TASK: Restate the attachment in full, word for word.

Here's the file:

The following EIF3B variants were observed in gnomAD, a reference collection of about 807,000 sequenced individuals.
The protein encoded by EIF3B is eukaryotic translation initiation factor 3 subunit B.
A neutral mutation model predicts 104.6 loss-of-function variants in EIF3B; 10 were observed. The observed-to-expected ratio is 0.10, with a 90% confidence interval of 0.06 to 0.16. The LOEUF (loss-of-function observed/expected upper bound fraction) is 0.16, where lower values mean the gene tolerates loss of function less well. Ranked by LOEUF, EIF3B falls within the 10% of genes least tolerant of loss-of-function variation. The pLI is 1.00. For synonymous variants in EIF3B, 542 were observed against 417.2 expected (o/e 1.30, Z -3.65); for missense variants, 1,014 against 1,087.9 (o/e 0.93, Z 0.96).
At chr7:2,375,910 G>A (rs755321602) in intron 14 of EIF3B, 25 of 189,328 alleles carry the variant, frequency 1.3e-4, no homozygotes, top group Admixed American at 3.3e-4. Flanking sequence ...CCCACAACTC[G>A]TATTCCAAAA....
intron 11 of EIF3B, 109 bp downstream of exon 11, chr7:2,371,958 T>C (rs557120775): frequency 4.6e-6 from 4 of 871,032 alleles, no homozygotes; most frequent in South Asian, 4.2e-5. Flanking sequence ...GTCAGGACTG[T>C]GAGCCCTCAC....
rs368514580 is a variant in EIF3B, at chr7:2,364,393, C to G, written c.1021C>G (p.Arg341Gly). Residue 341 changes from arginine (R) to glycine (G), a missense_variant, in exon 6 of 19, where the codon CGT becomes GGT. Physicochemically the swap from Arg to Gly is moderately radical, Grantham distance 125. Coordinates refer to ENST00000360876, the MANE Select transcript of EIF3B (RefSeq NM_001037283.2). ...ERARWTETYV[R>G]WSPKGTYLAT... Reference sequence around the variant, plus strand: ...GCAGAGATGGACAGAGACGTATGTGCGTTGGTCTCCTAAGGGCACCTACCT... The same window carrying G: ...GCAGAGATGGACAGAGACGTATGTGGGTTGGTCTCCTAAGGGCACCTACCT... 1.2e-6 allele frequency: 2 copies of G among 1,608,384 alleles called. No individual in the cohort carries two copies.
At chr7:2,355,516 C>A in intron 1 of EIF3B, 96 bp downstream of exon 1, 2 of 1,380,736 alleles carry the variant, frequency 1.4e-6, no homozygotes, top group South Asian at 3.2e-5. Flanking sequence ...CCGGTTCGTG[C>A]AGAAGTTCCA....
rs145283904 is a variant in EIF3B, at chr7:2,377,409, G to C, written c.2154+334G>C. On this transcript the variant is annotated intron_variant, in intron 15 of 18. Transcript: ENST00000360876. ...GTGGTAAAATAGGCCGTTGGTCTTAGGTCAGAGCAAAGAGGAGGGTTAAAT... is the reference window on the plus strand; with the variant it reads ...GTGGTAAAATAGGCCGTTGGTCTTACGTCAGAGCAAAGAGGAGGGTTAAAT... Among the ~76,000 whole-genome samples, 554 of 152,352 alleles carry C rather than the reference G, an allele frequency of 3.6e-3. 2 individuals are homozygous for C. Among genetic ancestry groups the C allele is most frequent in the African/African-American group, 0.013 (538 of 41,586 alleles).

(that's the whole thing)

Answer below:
The following EIF3B variants were observed in gnomAD, a reference collection of about 807,000 sequenced individuals.
The protein encoded by EIF3B is eukaryotic translation initiation factor 3 subunit B.
A neutral mutation model predicts 104.6 loss-of-function variants in EIF3B; 10 were observed. The observed-to-expected ratio is 0.10, with a 90% confidence interval of 0.06 to 0.16. The LOEUF (loss-of-function observed/expected upper bound fraction) is 0.16, where lower values mean the gene tolerates loss of function less well. Ranked by LOEUF, EIF3B falls within the 10% of genes least tolerant of loss-of-function variation. The pLI is 1.00. For synonymous variants in EIF3B, 542 were observed against 417.2 expected (o/e 1.30, Z -3.65); for missense variants, 1,014 against 1,087.9 (o/e 0.93, Z 0.96).
At chr7:2,375,910 G>A (rs755321602) in intron 14 of EIF3B, 25 of 189,328 alleles carry the variant, frequency 1.3e-4, no homozygotes, top group Admixed American at 3.3e-4. Flanking sequence ...CCCACAACTC[G>A]TATTCCAAAA....
intron 11 of EIF3B, 109 bp downstream of exon 11, chr7:2,371,958 T>C (rs557120775): frequency 4.6e-6 from 4 of 871,032 alleles, no homozygotes; most frequent in South Asian, 4.2e-5. Flanking sequence ...GTCAGGACTG[T>C]GAGCCCTCAC....
rs368514580 is a variant in EIF3B, at chr7:2,364,393, C to G, written c.1021C>G (p.Arg341Gly). Residue 341 changes from arginine (R) to glycine (G), a missense_variant, in exon 6 of 19, where the codon CGT becomes GGT. Physicochemically the swap from Arg to Gly is moderately radical, Grantham distance 125. Coordinates refer to ENST00000360876, the MANE Select transcript of EIF3B (RefSeq NM_001037283.2). ...ERARWTETYV[R>G]WSPKGTYLAT... Reference sequence around the variant, plus strand: ...GCAGAGATGGACAGAGACGTATGTGCGTTGGTCTCCTAAGGGCACCTACCT... The same window carrying G: ...GCAGAGATGGACAGAGACGTATGTGGGTTGGTCTCCTAAGGGCACCTACCT... 1.2e-6 allele frequency: 2 copies of G among 1,608,384 alleles called. No individual in the cohort carries two copies.
At chr7:2,355,516 C>A in intron 1 of EIF3B, 96 bp downstream of exon 1, 2 of 1,380,736 alleles carry the variant, frequency 1.4e-6, no homozygotes, top group South Asian at 3.2e-5. Flanking sequence ...CCGGTTCGTG[C>A]AGAAGTTCCA....
rs145283904 is a variant in EIF3B, at chr7:2,377,409, G to C, written c.2154+334G>C. On this transcript the variant is annotated intron_variant, in intron 15 of 18. Transcript: ENST00000360876. ...GTGGTAAAATAGGCCGTTGGTCTTAGGTCAGAGCAAAGAGGAGGGTTAAAT... is the reference window on the plus strand; with the variant it reads ...GTGGTAAAATAGGCCGTTGGTCTTACGTCAGAGCAAAGAGGAGGGTTAAAT... Among the ~76,000 whole-genome samples, 554 of 152,352 alleles carry C rather than the reference G, an allele frequency of 3.6e-3. 2 individuals are homozygous for C. Among genetic ancestry groups the C allele is most frequent in the African/African-American group, 0.013 (538 of 41,586 alleles).